This type of clause seems to have been common. In 1768, 16 year old Thomas Balfour had to promise his mentor, Aberdonian George Skene, to avoid 'carding, nightwalking and all scandalous and debauched company.' If he did not abide by this rule, then he had to pay Dr Skene £20, which in today's money would be around about £1, 273,80.
Printing apprentices with William Peace & son had to sign a contract which specified a 'cheerful' demeanour and demanded an extra day's work for each day's absence without a surgeon's certificate. I was disturbed to read that a printer's apprenticeship was 7 years long compared to the surgeon's 4 and a half years. Should it take longer to be trusted with a tray of type than the task of cutting up a human body?
This 7 year apprenticeship for printing continued until well into the twentieth century. Indeed, we had to sign our lives away in blood when joining the archive. We had to promise on pain of death to always wear white gloves when handling documents which pre-date 1800 and if our bosses see us in a pub, then we have to give them our entire collection of Five Star Memorabilia before being forced to drink the meths that we keep to clean the sticker gunge off off the tables while they stand over us shouting "Like a drink do you? Well drink this!" It's all there in black and white and is pretty standard as archives contract go.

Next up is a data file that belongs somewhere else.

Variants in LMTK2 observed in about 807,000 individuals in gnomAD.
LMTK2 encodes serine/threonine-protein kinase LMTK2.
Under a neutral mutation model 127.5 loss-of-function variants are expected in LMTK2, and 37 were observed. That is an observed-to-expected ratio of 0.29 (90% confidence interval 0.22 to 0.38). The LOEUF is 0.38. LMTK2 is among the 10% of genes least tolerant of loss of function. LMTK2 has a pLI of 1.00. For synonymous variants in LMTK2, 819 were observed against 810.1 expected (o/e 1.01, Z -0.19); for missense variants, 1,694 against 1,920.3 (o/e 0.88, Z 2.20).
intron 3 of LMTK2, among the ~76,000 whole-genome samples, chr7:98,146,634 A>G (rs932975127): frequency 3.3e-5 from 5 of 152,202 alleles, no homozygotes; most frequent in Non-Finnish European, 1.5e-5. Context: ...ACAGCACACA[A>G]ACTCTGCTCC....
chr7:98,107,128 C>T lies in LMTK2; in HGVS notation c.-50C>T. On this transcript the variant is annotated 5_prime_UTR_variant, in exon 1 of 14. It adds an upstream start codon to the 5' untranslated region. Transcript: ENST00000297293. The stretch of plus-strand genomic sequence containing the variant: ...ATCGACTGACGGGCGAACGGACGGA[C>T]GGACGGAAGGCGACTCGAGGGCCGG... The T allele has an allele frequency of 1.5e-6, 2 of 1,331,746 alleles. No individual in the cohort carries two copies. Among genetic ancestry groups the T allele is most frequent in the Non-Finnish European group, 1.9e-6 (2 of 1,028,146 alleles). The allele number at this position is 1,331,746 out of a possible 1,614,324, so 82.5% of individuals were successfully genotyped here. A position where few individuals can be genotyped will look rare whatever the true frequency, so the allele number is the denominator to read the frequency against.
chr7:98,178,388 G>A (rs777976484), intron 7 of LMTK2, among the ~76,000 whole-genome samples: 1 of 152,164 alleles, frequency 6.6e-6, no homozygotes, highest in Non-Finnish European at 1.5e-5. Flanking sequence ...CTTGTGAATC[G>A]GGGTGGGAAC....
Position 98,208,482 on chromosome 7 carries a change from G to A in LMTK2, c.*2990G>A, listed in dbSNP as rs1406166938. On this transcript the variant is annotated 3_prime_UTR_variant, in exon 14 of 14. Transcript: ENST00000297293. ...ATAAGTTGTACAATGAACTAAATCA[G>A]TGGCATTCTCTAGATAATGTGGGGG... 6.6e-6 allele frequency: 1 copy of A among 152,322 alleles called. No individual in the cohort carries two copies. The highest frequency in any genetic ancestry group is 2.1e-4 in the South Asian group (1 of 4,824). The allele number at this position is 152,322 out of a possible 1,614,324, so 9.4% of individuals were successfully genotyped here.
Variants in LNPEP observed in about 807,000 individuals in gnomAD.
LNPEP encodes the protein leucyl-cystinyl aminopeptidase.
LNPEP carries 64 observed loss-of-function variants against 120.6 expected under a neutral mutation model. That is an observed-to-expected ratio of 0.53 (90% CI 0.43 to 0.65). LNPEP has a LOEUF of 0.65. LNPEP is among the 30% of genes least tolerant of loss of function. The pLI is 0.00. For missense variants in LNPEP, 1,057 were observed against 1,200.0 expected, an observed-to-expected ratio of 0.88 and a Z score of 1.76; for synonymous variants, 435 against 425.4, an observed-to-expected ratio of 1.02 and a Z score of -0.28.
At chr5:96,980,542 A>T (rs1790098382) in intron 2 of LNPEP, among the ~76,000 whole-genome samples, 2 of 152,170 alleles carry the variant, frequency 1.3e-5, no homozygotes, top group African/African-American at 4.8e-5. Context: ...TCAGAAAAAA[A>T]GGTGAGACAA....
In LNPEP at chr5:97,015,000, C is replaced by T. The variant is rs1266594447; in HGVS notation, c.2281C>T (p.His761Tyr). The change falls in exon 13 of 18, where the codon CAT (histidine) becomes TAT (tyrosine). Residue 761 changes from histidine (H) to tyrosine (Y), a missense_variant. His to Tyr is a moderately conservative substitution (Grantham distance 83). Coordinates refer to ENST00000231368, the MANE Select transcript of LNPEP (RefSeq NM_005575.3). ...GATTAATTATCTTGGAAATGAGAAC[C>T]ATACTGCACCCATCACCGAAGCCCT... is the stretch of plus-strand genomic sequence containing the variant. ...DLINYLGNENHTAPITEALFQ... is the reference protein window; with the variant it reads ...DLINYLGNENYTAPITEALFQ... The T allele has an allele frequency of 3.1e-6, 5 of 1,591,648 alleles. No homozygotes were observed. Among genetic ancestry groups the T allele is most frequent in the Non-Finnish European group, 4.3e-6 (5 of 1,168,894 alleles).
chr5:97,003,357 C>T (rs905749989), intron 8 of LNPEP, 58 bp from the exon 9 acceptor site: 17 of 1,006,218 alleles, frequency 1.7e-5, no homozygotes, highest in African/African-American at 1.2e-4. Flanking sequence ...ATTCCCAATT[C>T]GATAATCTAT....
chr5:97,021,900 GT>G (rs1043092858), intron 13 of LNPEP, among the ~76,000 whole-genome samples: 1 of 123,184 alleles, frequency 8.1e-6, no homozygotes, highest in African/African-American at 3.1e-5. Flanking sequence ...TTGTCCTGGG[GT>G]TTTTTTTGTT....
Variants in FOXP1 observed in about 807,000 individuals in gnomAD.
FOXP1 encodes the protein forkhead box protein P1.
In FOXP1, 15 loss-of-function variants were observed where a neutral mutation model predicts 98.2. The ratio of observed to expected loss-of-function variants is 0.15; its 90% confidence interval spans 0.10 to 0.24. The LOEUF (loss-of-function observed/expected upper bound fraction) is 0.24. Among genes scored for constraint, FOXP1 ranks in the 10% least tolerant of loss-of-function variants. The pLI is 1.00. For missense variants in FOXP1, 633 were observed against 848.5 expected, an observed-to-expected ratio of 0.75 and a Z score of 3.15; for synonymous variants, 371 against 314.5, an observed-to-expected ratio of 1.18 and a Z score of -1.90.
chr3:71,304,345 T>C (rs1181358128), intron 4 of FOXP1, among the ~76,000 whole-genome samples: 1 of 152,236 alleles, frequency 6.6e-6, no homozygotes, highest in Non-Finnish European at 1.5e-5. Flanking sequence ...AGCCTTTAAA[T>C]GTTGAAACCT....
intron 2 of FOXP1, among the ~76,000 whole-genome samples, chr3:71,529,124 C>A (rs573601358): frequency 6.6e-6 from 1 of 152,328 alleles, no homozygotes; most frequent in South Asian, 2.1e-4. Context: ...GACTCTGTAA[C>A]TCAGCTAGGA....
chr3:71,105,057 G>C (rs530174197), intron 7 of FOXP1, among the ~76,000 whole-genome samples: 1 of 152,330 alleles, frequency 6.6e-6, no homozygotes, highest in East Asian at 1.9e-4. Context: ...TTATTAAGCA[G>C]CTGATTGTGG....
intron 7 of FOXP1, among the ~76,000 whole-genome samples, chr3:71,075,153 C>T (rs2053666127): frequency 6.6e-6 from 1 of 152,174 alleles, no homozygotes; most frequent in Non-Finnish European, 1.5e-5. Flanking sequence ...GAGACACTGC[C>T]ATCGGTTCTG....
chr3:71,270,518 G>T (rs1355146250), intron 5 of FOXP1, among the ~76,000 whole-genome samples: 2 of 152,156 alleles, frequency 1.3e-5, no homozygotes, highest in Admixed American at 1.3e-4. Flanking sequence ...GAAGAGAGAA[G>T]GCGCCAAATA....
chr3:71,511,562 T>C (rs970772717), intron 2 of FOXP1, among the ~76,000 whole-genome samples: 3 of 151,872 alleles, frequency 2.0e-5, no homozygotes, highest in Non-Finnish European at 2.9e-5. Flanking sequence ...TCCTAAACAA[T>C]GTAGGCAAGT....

Indentures references D1/313/4, D1/471 and D2/33/9
Thursday 13 May 2010